Captain America: Civil War

captain_america_civil_war_ver15STARS3.5It’s amazing how two superhero movies can share nearly identical themes, and yet be so different in what they achieve. It was just six short weeks prior that Batman v Superman: Dawn of Justice was released. Although the movie was a success at the box office, it received a critical drubbing from many viewers (this critic included). Now we have the release of Marvel’s latest opus, a movie built around the ultimate showdown between two warring factions of the Avengers. The motivation of revenge for the central antagonist is the same. Even the way in which to exact revenge is the same. Despite the similarities, the satisfaction derived from each film is a study in contrasts. Captain America: Civil War is the far superior picture. No surprise. By now, everyone knows Marvel has perfected the ongoing storyline across sequels down to a science.

If you’re not up on your Marvel Cinematic Universe movies, this is presented in name as a sequel to the events of Captain America: The Winter Soldier. In that adventure, we learned that Captain America’s friend, Bucky Barnes was captured and experimented upon during WWII. He was brainwashed into a trained assassin using mind control. Although Civil War also concerns the much larger picture as to what happed more recently in Avengers: Age of Ultron. The number of civilian deaths as a result of the war in Sokovia has become a global concern. Can the Avengers be partially held accountable? The United Nations is preparing to pass the Sokovia Accords, an international agreement designed to limit and control the Avengers.

The Avengers are torn apart into two factions: one led by Captain America (Chris Evans) and the other by Iron Man (Robert Downey Jr.). Captain America’s anti-registration squad is composed of Falcon (Anthony Mackie), Ant-Man (Paul Rudd), Hawkeye (Jeremy Renner), Scarlet Witch (Elizabeth Olsen) and the Winter Soldier (Sebastian Stan). Iron Man’s pro accord team is comprised of Vision (Paul Bettany), Black Widow (Scarlett Johansson) and War Machine (Don Cheadle). New VIPs Spider-Man (Tom Holland) and Black Panther (Chadwick Boseman) also join up on this side as well. Side note: Thor and the Hulk are conspicuously absent for reasons that seemed a little murky, but honestly this movie already has plenty of speaking parts. While their absence is noticeable, it’s not crucial.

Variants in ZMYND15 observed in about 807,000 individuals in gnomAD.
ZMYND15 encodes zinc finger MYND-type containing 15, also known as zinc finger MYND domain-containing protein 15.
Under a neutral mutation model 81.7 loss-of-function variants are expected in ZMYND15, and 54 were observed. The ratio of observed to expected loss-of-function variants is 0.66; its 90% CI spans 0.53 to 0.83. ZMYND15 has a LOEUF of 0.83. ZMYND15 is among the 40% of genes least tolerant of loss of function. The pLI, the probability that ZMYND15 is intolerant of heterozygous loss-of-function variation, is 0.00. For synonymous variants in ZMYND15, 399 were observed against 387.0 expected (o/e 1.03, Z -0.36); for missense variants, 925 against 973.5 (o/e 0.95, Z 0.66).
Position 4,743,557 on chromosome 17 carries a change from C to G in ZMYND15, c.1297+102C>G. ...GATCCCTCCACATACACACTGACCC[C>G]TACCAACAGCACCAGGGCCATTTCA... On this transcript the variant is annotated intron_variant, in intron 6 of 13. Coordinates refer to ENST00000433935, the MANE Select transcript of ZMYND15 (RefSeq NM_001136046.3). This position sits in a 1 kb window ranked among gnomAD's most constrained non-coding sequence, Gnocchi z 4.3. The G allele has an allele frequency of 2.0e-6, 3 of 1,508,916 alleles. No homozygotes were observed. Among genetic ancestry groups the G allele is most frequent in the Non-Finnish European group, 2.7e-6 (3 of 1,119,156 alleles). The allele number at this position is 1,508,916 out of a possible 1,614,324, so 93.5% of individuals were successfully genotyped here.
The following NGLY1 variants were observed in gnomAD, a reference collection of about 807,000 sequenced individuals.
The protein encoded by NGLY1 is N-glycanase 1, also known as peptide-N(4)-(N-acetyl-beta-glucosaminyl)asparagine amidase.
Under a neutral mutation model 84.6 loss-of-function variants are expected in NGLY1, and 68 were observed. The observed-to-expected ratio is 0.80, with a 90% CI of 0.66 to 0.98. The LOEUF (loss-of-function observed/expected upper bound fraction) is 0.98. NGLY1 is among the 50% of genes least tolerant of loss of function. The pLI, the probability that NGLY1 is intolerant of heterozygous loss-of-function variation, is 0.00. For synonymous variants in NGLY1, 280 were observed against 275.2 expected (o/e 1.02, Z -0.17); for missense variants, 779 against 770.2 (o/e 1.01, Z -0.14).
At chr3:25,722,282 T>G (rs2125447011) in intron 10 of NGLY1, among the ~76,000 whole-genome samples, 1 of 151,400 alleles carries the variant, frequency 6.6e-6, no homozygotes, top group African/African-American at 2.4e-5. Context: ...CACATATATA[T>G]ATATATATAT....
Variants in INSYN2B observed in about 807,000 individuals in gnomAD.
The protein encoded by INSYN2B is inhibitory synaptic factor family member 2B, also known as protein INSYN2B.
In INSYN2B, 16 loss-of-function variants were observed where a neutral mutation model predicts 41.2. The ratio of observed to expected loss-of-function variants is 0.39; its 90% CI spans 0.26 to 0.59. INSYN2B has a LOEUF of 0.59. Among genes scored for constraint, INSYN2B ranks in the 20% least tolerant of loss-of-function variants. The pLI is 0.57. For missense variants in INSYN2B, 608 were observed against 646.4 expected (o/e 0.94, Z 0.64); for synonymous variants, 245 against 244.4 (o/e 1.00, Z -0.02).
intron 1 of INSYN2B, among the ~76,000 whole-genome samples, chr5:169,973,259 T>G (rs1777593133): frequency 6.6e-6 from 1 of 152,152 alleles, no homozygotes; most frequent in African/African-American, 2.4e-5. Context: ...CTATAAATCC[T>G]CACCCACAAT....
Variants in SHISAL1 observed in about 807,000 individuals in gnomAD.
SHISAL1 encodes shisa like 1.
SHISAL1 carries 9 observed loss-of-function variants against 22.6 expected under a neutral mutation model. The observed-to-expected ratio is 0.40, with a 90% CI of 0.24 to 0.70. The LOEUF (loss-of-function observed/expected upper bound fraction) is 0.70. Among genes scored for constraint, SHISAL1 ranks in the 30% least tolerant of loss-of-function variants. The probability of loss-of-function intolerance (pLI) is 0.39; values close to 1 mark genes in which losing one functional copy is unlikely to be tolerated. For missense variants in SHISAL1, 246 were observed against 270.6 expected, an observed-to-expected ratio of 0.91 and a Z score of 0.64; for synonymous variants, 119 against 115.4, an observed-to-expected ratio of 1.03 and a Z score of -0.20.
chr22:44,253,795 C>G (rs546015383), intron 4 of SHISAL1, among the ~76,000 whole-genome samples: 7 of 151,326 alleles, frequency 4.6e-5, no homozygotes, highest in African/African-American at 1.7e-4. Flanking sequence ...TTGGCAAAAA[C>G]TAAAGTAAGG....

If all this exposition and characters sounds complicated, it is. This is a superhero film that subscribes to the idea that bigger is better. More cast members, more battles, more run time. At almost 2 1/2 hours, this does seem long and a bit overblown. Yet the strengths far exceed the weaknesses. Screenwriters Christopher Markus and Stephen McFeely deserve a lot of credit for making sense of all these events and distilling it into a narrative we can still follow and enjoy. The big fight featuring the whole gang is fashioned as a centerpiece of the drama. The choreography is appropriately spectacular. Surprises await and the showdown is a delight. Although shaky camera work and rapid cuts do detract a little from the mostly rousing action sequences.

With all the personalities, Civil War, truly plays out like a third Avengers movie, besting Age of Ultron (2015) for emotional depth, but lacking the breezy joy of The Avengers (2012). The story is at its best in quieter moments when it focuses on the personality of the individual. The narrative gives clear, understandable reasons as to why each superhero aligns with the side that they do. Chris Evans and Robert Downey Jr deserve major kudos for anchoring the production with sincere performances that captivate our attention. That’s not easy to do with a cast of this magnitude. In a film full of many highs, I did not expect Ant-Man & Spider-Man to be at the very top.  Both have amusing vignettes that make the promise of 2017’s Spider-Man: Homecoming and 2018’s Ant-Man and the Wasp something I am now willing to embrace rather than dread. Additionally the heavy emotional burden that Bucky Barnes carries as the Winter Soldier is emphasized. His relationship with Steve Rogers, his buddy since childhood, is affirmed as well. These cast members stand out in a roster that is uniformly excellent. I could cite more characters and the traits that make them interesting but that would spoil the fun of discovery. It’s their complex backstories that help secure our interest in the personal dynamics of these people. They give the heroes depth. That is what makes Captain America: Civil War so gosh darn entertaining.